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Pacific
29 Nov 2015

Pacific Partnership Protects Nature for People and Wildlife

Particpants at a forum at the end of a five year conservation project in the Pacific
Particpants at a forum sharing information at the end of a five year Paciifc conservation project
By Miliana Ravuso

A five year project undertaken by BirdLife together with the European Union to protect some of the most important sites for birds and other native wildlife throughout the Pacific is coming to an end.  To share the knowledge and lessons gained, a workshop of the Pacific-wide partners was held in Suva,  It also aimed at finalising a strategy for upscaling this work in the five participating countries, and sharing these successes with other island countries.

Working with national BirdLife Partners in the Cook Islands, Fiji, French Polynesia, New Caledonia and Palau invasive alien species have been permanently removed from 10 islands. These efforts have safeguarded 10 species of globally threatened wildlife such as the Polynesian Storm Petrel, Tahiti Petrel, Micronesian Megapode and the Polynesian Ground Dove of which fewer than 150 remain. In Fiji, partners including the local community removed all goats and rodents from the island of Monuriki protecting one of the few remaining native dry forest communities including the critically endangered Fiji Crested Iguana.

The landowners and communities of these islands have welcomed the removal of these invasive species. On the island of Kayangel in Palau the removal of rodents resulted in a marked improvement in crops with bananas and pawpaw harvested without damage and cucumber and corn that couldn’t previously be grown flourishing. In New Caledonia communities living traditionally within the Massif des Lèvres forest were experiencing similar problems as a result of pigs destroying their crops. Forming an organised group the community are successfully hunting pigs in safeguarding their gardens and providing an alternative livelihood through the local processing of game. The availability of improved hunting techniques meant the use of fire was no longer used protecting the forest and wildlife within.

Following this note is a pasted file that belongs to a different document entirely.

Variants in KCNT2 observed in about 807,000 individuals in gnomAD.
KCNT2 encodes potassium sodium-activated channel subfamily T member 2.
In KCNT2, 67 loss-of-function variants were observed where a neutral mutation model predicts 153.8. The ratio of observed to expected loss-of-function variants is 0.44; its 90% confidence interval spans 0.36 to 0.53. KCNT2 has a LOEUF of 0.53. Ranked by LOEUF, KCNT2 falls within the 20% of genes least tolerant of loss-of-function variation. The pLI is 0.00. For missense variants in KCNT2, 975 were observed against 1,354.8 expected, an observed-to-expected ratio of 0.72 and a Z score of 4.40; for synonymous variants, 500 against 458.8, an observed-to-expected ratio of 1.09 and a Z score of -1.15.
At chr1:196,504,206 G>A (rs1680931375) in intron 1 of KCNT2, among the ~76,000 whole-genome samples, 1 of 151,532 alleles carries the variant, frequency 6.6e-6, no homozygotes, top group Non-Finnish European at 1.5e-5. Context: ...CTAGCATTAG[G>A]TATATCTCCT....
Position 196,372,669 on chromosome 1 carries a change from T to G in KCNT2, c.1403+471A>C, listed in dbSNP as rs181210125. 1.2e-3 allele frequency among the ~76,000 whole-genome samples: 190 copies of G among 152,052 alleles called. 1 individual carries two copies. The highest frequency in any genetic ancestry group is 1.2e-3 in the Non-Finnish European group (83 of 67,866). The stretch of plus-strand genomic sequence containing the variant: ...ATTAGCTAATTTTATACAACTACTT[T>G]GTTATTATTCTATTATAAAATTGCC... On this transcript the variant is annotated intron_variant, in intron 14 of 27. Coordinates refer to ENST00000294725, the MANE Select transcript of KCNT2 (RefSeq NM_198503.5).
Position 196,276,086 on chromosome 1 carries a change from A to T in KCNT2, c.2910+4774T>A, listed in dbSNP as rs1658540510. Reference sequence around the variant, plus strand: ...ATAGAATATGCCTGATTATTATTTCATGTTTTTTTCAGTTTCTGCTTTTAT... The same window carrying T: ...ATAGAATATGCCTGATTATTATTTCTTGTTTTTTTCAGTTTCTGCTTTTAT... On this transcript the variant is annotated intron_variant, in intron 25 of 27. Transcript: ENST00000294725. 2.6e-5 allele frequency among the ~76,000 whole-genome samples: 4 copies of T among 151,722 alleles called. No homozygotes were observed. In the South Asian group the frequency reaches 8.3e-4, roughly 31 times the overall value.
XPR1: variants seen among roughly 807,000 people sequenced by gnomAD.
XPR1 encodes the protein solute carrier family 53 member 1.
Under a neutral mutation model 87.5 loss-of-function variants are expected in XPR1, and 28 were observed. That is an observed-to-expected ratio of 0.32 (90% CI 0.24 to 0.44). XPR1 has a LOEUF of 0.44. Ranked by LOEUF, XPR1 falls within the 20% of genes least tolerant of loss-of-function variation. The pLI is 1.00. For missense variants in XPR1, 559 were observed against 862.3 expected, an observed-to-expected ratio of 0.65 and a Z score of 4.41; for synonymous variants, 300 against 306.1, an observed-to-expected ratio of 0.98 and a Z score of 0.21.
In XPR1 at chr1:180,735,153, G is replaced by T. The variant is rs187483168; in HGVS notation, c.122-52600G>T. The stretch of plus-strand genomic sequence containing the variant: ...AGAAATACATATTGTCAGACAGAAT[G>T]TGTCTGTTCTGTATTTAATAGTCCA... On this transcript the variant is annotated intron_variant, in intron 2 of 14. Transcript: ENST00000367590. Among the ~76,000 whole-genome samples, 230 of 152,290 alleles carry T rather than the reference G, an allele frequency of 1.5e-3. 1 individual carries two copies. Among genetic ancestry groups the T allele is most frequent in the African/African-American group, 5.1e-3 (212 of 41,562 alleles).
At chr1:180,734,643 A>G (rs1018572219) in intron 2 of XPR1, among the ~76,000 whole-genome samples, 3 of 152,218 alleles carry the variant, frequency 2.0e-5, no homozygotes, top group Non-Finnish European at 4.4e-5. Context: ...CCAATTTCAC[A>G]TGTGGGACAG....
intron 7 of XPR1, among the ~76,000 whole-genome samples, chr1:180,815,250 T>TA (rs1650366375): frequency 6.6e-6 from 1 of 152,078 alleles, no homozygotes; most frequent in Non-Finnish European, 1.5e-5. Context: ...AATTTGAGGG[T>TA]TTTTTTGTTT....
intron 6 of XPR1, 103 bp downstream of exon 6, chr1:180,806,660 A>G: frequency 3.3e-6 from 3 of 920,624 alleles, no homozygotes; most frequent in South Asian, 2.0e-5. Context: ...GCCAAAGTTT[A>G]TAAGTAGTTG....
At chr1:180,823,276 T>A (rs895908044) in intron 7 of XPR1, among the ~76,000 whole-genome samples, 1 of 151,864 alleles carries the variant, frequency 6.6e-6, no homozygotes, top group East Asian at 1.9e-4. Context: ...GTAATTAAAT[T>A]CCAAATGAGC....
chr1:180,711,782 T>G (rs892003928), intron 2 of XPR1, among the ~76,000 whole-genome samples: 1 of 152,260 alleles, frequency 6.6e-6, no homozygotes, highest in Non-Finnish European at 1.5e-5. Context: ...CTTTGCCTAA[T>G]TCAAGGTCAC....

The project has also sought to protect islands from new invasions. Steps are now being taken with the support of communities, governments and business in safeguarding 42 Pacific islands. In French Polynesia, specially trained dogs are being used to check for the presence of rodents among goods shipped to the island communities of Rimatara and Ua Huka. In Fiji, the project has worked alongside the Biosecurity Authority and put in place controls to prevent the spread of American Iguana and its establishment on Taveuni and elsewhere and similarly assessed the actions needed in preventing the establishment of the highly destructive Brown Tree Snake. 

At the forum Jesús Laviña, Head of Section, Infrastructures and Natural Resources with the EU Delegation in Suva   said, “Pacific communities are facing numerous threats from invasive species, which are having major effects on food security, health and wellbeing, and are seriously damaging the region's natural heritage”.   

 “We are delighted to support the BirdLife Pacific Partnership in their efforts to reduce the spread and impact of invasive alien species in the region. The programme has produced biosecurity procedures for 42 Pacific islands, including 12 in Fiji; and is providing protection for 10 species of globally threatened wildlife including the critically endangered Fiji Crested Iguana”.

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The whole project shows the scale of the problem facing the Pacific with invasives species but it also shows the power of partnership, both within BirdLife and working with other NGO and Government partners – and with the support of the European Union.